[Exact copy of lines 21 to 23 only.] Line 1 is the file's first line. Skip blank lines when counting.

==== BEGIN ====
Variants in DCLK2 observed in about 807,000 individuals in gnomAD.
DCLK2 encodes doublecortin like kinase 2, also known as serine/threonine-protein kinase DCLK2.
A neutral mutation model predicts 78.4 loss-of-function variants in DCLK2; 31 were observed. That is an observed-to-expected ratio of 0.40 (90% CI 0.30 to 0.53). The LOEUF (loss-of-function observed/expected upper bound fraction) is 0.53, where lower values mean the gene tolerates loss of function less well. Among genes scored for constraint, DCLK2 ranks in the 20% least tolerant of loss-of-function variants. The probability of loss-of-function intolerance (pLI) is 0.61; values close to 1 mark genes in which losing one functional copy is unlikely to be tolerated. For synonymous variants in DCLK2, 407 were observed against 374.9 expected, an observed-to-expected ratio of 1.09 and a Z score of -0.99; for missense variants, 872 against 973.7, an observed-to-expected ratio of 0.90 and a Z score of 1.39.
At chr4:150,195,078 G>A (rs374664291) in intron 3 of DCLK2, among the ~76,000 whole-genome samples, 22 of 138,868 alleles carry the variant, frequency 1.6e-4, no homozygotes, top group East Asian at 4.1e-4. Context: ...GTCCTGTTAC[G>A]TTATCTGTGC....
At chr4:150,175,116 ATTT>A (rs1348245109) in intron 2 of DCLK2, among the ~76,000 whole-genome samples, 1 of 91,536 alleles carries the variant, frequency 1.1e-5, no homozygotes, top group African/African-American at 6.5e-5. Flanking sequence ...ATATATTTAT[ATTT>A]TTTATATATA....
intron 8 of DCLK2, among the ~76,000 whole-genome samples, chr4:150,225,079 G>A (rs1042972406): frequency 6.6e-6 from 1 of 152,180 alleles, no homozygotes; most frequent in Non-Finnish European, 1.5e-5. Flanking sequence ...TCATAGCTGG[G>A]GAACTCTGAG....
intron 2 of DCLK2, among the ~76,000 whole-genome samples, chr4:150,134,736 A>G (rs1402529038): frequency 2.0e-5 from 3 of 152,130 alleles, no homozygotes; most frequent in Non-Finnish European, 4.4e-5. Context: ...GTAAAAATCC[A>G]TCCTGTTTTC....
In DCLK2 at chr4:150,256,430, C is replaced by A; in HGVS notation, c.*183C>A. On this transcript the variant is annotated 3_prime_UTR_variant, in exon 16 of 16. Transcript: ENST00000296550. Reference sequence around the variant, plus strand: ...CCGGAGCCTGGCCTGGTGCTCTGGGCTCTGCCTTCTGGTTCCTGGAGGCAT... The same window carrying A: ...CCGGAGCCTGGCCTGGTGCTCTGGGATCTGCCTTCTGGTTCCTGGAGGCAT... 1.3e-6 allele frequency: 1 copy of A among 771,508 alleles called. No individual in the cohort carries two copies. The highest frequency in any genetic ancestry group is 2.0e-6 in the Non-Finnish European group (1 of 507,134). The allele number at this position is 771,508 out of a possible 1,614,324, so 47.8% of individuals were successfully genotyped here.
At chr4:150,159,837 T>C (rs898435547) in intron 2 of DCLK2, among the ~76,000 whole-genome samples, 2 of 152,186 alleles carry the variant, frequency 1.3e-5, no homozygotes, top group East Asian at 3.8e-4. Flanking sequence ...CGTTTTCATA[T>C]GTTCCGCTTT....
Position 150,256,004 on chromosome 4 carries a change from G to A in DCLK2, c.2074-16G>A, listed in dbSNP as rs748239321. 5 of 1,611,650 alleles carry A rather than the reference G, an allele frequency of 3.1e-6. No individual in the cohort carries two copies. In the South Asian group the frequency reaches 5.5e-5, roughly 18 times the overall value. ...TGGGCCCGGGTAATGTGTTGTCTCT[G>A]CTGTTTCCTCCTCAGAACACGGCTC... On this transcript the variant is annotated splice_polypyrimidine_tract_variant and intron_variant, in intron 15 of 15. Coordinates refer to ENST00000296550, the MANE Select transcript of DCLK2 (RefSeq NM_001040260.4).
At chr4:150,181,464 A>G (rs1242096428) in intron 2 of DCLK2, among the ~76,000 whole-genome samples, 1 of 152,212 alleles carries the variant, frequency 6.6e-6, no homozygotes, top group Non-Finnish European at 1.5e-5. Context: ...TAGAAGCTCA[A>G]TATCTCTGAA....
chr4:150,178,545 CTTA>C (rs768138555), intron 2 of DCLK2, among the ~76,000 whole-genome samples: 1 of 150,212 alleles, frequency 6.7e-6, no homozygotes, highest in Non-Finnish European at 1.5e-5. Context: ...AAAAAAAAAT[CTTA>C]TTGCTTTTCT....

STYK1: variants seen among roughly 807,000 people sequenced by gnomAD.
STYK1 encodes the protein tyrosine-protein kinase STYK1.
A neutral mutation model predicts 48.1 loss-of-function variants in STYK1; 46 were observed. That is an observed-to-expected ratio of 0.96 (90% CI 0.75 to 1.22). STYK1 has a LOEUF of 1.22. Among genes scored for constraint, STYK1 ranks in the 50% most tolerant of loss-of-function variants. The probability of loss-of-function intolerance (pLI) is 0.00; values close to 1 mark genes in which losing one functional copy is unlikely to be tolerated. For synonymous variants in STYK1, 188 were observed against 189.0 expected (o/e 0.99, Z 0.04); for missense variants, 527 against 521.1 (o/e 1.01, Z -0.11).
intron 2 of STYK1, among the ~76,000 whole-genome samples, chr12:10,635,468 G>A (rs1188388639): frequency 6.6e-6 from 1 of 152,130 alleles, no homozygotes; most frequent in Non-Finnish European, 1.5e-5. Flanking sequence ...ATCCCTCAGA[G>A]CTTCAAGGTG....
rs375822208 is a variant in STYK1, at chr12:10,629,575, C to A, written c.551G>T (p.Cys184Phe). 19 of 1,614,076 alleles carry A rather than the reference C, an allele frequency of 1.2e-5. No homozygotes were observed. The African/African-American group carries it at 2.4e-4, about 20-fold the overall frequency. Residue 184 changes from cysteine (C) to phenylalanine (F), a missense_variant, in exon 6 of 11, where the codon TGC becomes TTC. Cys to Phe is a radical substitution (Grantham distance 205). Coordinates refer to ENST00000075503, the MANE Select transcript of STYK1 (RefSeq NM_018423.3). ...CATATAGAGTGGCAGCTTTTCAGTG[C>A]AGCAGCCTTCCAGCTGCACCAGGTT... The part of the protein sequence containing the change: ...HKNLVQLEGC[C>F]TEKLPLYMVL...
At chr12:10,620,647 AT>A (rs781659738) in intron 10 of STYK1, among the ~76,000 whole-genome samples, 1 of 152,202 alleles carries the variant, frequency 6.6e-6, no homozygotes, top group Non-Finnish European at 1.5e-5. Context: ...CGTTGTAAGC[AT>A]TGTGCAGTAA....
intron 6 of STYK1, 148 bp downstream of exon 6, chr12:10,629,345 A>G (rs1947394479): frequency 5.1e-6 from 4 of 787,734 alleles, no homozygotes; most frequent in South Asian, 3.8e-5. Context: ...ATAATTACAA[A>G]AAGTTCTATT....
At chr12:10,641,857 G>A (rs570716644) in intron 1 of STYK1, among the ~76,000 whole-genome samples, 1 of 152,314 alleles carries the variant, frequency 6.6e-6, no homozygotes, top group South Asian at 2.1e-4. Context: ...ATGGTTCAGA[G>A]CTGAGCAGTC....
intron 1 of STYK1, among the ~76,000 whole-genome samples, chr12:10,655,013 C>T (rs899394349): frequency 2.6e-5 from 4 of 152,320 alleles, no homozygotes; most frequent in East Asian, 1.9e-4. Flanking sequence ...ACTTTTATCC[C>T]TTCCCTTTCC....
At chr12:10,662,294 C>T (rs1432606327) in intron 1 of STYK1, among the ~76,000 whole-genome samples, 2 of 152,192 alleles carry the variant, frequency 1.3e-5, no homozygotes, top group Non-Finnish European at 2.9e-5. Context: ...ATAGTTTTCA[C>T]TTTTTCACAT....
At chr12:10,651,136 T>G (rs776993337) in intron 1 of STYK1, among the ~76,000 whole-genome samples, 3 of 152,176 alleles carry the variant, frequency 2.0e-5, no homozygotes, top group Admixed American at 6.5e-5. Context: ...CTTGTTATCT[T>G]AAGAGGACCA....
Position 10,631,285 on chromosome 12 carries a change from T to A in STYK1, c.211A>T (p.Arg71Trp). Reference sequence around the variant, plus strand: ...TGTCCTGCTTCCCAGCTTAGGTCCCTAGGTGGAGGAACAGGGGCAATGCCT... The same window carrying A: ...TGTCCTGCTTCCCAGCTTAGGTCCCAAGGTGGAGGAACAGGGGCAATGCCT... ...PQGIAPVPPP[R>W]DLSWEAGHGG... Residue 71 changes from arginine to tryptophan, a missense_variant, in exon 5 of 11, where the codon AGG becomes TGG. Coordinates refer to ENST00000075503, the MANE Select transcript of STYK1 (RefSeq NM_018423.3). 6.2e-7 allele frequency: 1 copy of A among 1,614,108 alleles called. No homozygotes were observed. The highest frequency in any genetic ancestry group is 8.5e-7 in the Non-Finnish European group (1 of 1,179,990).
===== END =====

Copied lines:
intron 1 of STYK1, among the ~76,000 whole-genome samples, chr12:10,655,013 C>T (rs899394349): frequency 2.6e-5 from 4 of 152,320 alleles, no homozygotes; most frequent in East Asian, 1.9e-4. Flanking sequence ...ACTTTTATCC[C>T]TTCCCTTTCC....
At chr12:10,662,294 C>T (rs1432606327) in intron 1 of STYK1, among the ~76,000 whole-genome samples, 2 of 152,192 alleles carry the variant, frequency 1.3e-5, no homozygotes, top group Non-Finnish European at 2.9e-5. Context: ...ATAGTTTTCA[C>T]TTTTTCACAT....
At chr12:10,651,136 T>G (rs776993337) in intron 1 of STYK1, among the ~76,000 whole-genome samples, 3 of 152,176 alleles carry the variant, frequency 2.0e-5, no homozygotes, top group Admixed American at 6.5e-5. Context: ...CTTGTTATCT[T>G]AAGAGGACCA....